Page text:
Search results for: nashville-gateway-to-the-south

Nashville the Gateway of the South

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Nashville

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Civil Rights in the Gateway to the South

Author : Tracy E. K'Meyer
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A noted civil rights historian examines Louisville as a cultural border city where the black freedom struggle combined northern and southern tactics. Situated on the banks of the Ohio River, Louisville, Kentucky, represents a cultural and geographical intersection of North and South. This border identity has shaped the city’s race relations throughout its history. Louisville's black citizens did not face entrenched restrictions against voting and civic engagement, yet the city still bore the marks of Jim Crow segregation in public accommodations. In response to Louisville's unique blend of racial problems, activists employed northern models of voter mobilization and lobbying, as well as methods of civil disobedience usually seen in the South. They also crossed traditional barriers between the movements for racial and economic justice to unite in common action. In Civil Rights in the Gateway to the South, Tracy E. K'Meyer provides a groundbreaking analysis of Louisville's uniquely hybrid approach to the civil rights movement. Defining a border as a space where historical patterns and social concerns overlap, K'Meyer argues that broad coalitions of Louisvillians waged long-term, interconnected battles for social justice. “The definitive book on the city’s civil rights history.” —Louisville Courier-Journal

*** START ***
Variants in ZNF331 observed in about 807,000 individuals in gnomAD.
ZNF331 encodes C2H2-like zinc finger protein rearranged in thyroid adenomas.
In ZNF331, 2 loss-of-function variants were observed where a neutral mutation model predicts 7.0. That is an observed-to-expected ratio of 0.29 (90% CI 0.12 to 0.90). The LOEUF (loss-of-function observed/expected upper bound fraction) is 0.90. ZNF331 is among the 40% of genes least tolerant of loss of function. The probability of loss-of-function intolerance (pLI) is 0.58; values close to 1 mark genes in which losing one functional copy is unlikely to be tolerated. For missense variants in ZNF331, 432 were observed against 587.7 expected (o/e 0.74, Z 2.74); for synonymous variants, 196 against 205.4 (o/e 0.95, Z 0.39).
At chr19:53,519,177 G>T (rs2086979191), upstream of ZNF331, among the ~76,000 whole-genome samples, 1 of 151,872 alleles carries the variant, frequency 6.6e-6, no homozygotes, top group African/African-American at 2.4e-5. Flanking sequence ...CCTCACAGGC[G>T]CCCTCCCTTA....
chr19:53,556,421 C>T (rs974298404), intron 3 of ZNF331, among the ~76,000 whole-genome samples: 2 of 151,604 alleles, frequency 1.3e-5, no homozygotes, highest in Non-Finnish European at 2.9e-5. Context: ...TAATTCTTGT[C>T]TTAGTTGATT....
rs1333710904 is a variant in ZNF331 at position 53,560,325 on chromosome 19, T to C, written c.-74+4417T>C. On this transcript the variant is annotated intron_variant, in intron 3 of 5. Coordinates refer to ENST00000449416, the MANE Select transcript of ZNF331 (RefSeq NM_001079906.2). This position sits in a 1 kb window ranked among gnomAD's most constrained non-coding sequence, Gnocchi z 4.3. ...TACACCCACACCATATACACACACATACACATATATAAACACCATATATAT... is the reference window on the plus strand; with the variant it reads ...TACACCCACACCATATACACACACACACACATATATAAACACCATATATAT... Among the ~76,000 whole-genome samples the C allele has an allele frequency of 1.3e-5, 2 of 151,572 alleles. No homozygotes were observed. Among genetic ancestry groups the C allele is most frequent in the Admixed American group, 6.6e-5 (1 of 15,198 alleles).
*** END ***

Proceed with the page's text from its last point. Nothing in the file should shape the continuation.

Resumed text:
Shelby Avenue Demonbreun St Corridor from I 65 North to I 40 West in Downtown Nashville Davidson County

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The Nashville Way

Author : Benjamin Houston